One of the mysteries of the English language finally explained.
nounPlural phlebotomiesmass noun
The surgical opening or puncture of a vein in order to withdraw blood, to introduce a fluid, or (historically) when letting blood.
- ‘The performance of phlebotomy by nursing staff benefits the patient in that the blood specimen is collected and intravenous fluids are started at the same time, thus causing less trauma to the patient.’
- ‘The student should be aware of one cause of pseudohyperkalemia, hemolysis, since it is not an uncommon occurrence when tourniquets are used during phlebotomy or when improper handing of a blood sample causes a breakdown of the cells.’
- ‘Experimental reductions in cardiac index and hepatic blood flow induced by phlebotomy are rapidly corrected by albumin resuscitation, whereas crystalloids require double the volume.’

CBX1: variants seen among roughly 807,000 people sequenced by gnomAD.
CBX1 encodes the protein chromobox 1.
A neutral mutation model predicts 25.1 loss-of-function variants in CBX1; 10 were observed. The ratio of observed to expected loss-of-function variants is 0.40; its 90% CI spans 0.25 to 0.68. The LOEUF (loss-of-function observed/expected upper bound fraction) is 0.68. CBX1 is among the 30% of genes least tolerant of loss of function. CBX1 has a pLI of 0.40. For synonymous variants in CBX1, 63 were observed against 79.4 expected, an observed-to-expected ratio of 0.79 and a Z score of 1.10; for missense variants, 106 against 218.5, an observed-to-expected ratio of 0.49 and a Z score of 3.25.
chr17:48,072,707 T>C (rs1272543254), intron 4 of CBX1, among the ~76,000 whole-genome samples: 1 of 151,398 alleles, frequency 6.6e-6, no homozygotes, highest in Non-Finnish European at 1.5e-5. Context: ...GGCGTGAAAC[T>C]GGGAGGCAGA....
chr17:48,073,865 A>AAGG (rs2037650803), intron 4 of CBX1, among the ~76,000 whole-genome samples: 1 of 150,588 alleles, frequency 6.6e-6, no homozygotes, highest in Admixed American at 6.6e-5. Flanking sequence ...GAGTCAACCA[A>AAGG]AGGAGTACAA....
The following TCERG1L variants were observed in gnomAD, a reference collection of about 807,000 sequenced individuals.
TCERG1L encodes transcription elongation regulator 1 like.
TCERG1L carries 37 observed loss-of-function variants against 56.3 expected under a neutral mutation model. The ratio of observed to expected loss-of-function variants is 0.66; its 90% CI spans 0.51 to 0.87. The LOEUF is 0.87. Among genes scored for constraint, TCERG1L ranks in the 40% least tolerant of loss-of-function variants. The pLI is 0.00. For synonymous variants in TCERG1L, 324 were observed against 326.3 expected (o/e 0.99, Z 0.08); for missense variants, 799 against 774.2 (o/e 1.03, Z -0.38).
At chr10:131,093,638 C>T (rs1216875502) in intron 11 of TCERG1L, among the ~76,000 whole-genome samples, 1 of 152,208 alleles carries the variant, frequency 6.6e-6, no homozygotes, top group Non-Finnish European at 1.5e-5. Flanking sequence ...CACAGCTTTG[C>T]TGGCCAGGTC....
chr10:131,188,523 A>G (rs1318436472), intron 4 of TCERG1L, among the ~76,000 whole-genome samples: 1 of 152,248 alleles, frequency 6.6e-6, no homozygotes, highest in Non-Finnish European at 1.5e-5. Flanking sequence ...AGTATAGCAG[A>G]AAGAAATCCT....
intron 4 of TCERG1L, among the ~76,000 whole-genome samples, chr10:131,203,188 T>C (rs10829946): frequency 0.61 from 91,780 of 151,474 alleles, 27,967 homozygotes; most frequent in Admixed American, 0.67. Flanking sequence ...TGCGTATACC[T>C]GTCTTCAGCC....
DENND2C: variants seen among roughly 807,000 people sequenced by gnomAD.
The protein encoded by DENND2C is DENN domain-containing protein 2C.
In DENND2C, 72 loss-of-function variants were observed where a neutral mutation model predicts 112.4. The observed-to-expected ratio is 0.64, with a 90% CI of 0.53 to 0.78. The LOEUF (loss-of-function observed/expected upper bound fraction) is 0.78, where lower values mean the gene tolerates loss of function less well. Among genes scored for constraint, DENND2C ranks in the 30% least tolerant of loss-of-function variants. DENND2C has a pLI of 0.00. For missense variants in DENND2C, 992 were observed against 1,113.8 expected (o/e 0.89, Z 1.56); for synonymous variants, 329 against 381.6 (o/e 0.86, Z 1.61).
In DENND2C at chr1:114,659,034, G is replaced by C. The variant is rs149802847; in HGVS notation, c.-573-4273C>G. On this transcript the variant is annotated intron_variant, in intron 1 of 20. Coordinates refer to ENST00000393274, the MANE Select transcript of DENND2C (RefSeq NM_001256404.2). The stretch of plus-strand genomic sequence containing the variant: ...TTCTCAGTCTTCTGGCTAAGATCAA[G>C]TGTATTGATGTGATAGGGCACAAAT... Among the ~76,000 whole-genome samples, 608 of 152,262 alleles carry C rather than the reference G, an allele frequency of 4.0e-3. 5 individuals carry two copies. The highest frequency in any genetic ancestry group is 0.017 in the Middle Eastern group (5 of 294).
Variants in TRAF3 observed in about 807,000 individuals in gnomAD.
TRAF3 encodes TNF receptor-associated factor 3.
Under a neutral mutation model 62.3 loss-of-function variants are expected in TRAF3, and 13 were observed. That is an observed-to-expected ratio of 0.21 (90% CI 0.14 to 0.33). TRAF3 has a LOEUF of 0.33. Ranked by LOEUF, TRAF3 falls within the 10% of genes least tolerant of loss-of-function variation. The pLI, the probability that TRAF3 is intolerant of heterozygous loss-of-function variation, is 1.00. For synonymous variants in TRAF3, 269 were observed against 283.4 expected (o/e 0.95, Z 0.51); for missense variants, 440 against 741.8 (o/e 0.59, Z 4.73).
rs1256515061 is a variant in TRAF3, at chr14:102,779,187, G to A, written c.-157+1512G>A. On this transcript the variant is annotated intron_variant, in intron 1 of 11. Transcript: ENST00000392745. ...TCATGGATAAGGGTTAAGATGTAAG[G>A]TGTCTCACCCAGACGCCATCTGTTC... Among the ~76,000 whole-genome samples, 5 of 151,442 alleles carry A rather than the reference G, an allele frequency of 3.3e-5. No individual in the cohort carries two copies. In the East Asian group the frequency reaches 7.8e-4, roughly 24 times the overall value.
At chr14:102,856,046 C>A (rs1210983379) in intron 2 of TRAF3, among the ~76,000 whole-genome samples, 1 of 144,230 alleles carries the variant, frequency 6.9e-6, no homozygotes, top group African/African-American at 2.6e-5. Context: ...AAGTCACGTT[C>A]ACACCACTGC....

- ‘Blood was collected by phlebotomy from the antecubital vein.’
- ‘Patients may also undergo phlebotomy at a blood center.’
Late Middle English: via Old French from late Latin phlebotomia from Greek, from phleps, phleb- ‘vein’ + -tomia ‘cutting’.
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